621. Dream Culture

For the last month or so I have been fleshing out one corner of a universe that I began writing about decades ago. My first SF novel was Jandrax, a lost colony story. Cyan came later, filling in the backstory of that same universe. Dreamsinger, which I am writing now, continues the process.

If you have read my novel Cyan, you will remember that when Keir visited the asteroid belt to view the B&A coreship, he discovered that the beltmen were secretly preparing an expedition of their own. They feared the impending destruction of Earth, but had no interest in colonizing a new planet. They had come to prefer life in space.

In the Cyan and Jandrax universe, the exploratory expedition to the Sirian system had found that the planet occupying the Goldilocks position — the distance from Sirius with the same level of radiation as Earth — was taken by a planet with a Uranian inclination. That is, it was tilted onto its back like a sad tortoise, with first one pole and then the other pointed toward it’s star as it moved through its orbit.

With no habitable planet, it was likely that Sirius would never again be visited by man. This made it an ideal destination for the beltmen who wanted to live in space without interference from planetbounds.

When the Procyon colonization expedition departed for Cyan, the beltmen were nearly ready to leave for Sirius. Keir’s last message was of farewell and good luck to them.

The beltmen had to build their craft in secret with minimal resources. It was a crowded, spinning torus which held 2000 refugees from impending disaster. Under-funded and under-powered, it would take an eighty-seven year journey to reach Sirius, and a generation would die in transit.

During that long, slow, crowded journey, civility became essential to survival. The refugees evolved a system called directed dreaming.

Once each day, each person entered into a dream like state during which her/his body (not under his/her conscious control) underwent rigorous exercise, followed by dreams tailored to keep them civil.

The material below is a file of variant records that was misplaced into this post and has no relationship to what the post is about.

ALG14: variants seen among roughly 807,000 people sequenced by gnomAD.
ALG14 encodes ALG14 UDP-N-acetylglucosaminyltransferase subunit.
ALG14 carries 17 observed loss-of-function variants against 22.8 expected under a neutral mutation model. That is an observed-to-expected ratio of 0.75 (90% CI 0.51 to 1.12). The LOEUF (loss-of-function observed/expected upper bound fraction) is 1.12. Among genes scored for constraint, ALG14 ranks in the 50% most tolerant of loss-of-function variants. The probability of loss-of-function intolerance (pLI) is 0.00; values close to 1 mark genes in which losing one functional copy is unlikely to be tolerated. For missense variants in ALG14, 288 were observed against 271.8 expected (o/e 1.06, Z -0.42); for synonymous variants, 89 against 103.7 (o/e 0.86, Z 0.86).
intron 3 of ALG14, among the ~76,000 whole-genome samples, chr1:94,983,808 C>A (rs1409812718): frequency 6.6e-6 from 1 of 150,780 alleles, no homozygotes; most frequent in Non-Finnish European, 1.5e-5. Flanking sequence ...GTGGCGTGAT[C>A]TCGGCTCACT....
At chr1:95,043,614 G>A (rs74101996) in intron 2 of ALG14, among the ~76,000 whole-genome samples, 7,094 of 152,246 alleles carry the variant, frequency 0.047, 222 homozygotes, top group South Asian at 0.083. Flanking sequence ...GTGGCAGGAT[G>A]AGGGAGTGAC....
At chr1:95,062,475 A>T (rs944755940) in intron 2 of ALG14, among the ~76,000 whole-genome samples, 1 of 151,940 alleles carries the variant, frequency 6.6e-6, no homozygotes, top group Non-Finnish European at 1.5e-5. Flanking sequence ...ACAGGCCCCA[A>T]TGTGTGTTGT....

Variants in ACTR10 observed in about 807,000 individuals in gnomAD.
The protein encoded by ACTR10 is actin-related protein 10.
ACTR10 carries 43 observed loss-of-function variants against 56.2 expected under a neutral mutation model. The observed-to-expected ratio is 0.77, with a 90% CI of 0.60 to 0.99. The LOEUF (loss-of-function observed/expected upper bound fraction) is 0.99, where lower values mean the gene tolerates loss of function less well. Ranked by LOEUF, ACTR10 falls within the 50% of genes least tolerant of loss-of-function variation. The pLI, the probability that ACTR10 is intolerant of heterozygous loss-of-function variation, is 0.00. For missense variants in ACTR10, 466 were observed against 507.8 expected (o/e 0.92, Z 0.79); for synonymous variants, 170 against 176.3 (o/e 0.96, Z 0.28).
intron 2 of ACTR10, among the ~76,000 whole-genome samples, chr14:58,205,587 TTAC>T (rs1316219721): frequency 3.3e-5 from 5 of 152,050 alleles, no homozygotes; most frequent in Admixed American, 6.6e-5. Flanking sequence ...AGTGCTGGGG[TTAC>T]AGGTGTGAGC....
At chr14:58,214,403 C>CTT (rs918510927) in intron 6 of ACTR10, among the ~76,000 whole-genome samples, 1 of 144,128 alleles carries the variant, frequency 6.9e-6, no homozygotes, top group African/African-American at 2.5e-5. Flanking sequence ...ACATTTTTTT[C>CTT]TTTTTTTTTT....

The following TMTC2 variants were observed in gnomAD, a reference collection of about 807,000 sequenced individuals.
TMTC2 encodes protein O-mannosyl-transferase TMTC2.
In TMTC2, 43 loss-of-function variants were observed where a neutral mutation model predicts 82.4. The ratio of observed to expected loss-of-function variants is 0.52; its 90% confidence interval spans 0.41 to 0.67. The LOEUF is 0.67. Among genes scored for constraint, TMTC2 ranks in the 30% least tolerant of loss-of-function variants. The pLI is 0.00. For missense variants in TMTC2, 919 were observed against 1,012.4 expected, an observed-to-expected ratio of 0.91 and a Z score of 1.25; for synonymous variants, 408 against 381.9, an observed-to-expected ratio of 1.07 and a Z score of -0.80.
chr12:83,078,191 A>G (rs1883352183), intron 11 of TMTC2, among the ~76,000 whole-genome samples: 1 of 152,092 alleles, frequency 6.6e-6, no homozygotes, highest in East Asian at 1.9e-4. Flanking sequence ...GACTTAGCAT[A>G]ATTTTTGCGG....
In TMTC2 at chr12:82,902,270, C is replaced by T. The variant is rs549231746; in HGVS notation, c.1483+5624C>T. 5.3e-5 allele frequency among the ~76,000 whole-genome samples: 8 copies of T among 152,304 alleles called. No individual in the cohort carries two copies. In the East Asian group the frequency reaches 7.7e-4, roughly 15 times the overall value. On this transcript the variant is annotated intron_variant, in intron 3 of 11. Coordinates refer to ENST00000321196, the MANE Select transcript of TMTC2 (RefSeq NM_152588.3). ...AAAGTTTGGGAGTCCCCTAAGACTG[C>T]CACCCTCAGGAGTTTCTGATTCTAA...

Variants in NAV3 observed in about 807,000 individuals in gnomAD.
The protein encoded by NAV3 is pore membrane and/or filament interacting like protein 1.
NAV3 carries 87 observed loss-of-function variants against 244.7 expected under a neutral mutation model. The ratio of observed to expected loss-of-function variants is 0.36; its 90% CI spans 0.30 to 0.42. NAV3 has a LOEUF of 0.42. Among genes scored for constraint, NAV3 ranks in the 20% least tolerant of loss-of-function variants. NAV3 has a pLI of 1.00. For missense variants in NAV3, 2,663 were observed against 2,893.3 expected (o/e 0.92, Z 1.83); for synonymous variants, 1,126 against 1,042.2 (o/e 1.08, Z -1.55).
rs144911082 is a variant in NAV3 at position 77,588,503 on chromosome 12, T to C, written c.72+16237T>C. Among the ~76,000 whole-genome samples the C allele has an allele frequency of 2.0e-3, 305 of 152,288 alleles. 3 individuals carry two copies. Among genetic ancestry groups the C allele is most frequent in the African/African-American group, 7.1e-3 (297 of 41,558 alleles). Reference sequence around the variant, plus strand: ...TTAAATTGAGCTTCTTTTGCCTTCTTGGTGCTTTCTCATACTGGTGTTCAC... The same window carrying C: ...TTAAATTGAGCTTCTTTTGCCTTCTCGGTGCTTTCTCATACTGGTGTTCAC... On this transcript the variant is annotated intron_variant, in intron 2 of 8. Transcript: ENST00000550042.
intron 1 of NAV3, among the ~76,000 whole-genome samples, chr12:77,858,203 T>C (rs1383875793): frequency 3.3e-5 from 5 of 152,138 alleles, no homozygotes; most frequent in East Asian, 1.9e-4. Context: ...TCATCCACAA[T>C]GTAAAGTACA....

This is how it all sounds in the rough draft:

The dreamers were hanging, heads encased in sensory deprivation helmets, in ten rows of ten. They had already gone through their exercises, contortions that had stretched and strained every muscle and left them all soaked in sweat. Now they settled into a deep, quiescent, unmoving sleep

It looked like a grotesque mass hanging, but that was an illusion since their weight was just sufficient to keep them from bouncing off the ceiling. Being suspended by their necks at this level of gravity did not even cause discomfort.

Now, one by one, they began to move. An arm shot out here, fingers gripped nothing over there, arms crossed over chests to hold something in, legs shot out to kick some threat away. Each one was now in his own directed dream. Carefully tailored images were fed into their brains and they reacted. Uncivil inhibitions were destroyed; fears were dredged up and alleviated; prejudices were wallowed in until they seemed foolish. Angers were expressed in dreams, so they could be suppressed in waking life.

Dream therapy was every person’s right and obligation. Dream therapy was the key to civility. Dream therapy kept them all sane and happy.

It took less than an hour and a half, and afterward every person was ready to go back to his life. Each one was exercised, refreshed in mind and body, cleansed and cleared of all angers and resentment. There was no more need to waste a third of your life in sleep.

Sleep had never really knitted up the raveled sleeve of care anyway, but directed dreaming did.

You understand that I am setting this up as something that seems like a good idea, but isn’t.

Once the refugees arrived at Sirius, they immediately undertook the building of a larger station to be their new home. Directed dreaming continued to lubricate the wheels of progress, but not everyone agreed with this new way of life. Those who could not conform were exiled to Stormking, which was a place of Trenconian extremes, and a death sentence for most of those transported there.

I had already outlined all of this while I was still writing Cyan. For the last month or so, I have been fleshing it out. We’ll see some of the new thinking on Wednesday.

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